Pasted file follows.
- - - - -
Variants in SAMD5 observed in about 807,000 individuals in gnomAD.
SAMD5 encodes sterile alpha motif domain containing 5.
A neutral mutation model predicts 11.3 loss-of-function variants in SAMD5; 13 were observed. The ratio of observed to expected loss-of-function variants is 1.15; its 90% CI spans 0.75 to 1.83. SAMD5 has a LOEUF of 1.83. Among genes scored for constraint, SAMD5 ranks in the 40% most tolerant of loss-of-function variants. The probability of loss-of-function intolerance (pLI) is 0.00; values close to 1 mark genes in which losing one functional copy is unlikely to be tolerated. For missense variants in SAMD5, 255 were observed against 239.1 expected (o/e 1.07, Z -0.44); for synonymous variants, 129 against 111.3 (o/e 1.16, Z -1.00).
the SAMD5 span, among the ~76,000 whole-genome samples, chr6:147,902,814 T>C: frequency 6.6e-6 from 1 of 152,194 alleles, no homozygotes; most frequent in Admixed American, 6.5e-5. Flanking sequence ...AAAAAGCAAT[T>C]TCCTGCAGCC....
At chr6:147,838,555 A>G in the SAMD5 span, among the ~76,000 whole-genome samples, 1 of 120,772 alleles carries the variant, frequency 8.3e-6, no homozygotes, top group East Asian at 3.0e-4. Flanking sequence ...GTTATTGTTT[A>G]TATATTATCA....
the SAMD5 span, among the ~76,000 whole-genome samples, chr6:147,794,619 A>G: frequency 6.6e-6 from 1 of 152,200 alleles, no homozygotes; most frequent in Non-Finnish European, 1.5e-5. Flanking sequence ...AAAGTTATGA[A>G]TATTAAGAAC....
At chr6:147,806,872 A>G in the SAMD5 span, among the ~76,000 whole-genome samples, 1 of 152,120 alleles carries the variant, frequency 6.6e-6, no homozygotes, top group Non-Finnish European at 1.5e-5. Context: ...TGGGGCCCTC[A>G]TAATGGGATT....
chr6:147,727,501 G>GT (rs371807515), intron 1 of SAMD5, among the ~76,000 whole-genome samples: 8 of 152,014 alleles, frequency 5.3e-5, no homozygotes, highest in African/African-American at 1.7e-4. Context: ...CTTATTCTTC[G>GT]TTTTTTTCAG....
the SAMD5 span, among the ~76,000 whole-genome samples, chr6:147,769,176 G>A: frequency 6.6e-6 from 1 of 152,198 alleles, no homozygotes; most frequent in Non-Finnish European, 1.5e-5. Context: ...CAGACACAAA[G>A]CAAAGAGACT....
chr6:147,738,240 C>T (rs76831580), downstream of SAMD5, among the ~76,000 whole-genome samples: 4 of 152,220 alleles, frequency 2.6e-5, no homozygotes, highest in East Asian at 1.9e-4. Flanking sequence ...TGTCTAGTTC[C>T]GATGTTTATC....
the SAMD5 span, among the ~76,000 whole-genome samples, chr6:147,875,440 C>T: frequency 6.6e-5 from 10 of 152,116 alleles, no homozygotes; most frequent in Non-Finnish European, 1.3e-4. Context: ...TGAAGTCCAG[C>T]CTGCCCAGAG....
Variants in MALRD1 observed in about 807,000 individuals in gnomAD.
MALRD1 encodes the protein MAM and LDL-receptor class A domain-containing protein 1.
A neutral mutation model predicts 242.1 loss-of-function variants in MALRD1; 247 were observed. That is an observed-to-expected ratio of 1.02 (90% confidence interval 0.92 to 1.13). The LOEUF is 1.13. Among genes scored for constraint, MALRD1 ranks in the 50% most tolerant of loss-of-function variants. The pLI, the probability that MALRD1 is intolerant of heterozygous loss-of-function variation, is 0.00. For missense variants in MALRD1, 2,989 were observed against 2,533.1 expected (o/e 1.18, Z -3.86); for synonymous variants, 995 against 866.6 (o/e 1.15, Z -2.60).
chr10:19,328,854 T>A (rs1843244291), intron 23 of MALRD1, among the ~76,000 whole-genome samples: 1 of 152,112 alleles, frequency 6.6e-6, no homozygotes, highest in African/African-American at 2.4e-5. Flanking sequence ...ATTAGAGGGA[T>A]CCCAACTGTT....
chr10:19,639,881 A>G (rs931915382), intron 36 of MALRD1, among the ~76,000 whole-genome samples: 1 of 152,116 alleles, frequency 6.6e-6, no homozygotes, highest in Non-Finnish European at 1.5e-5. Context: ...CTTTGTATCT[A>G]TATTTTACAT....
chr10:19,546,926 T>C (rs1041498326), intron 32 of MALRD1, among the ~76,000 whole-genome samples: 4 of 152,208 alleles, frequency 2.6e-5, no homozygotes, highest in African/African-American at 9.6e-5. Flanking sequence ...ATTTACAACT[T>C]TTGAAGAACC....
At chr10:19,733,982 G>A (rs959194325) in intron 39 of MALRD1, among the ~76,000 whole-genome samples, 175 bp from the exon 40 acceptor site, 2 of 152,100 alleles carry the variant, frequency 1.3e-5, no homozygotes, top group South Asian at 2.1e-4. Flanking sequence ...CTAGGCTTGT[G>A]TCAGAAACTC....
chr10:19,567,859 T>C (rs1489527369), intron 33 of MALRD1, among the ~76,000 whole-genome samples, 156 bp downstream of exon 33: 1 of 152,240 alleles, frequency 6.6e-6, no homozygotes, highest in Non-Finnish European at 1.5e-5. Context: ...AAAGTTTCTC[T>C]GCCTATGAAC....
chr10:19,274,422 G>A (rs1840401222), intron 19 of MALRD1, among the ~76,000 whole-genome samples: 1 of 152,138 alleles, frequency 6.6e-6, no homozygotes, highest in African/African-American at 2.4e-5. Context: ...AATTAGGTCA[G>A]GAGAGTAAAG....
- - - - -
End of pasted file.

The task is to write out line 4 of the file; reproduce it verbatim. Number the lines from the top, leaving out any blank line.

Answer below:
the SAMD5 span, among the ~76,000 whole-genome samples, chr6:147,902,814 T>C: frequency 6.6e-6 from 1 of 152,194 alleles, no homozygotes; most frequent in Admixed American, 6.5e-5. Flanking sequence ...AAAAAGCAAT[T>C]TCCTGCAGCC....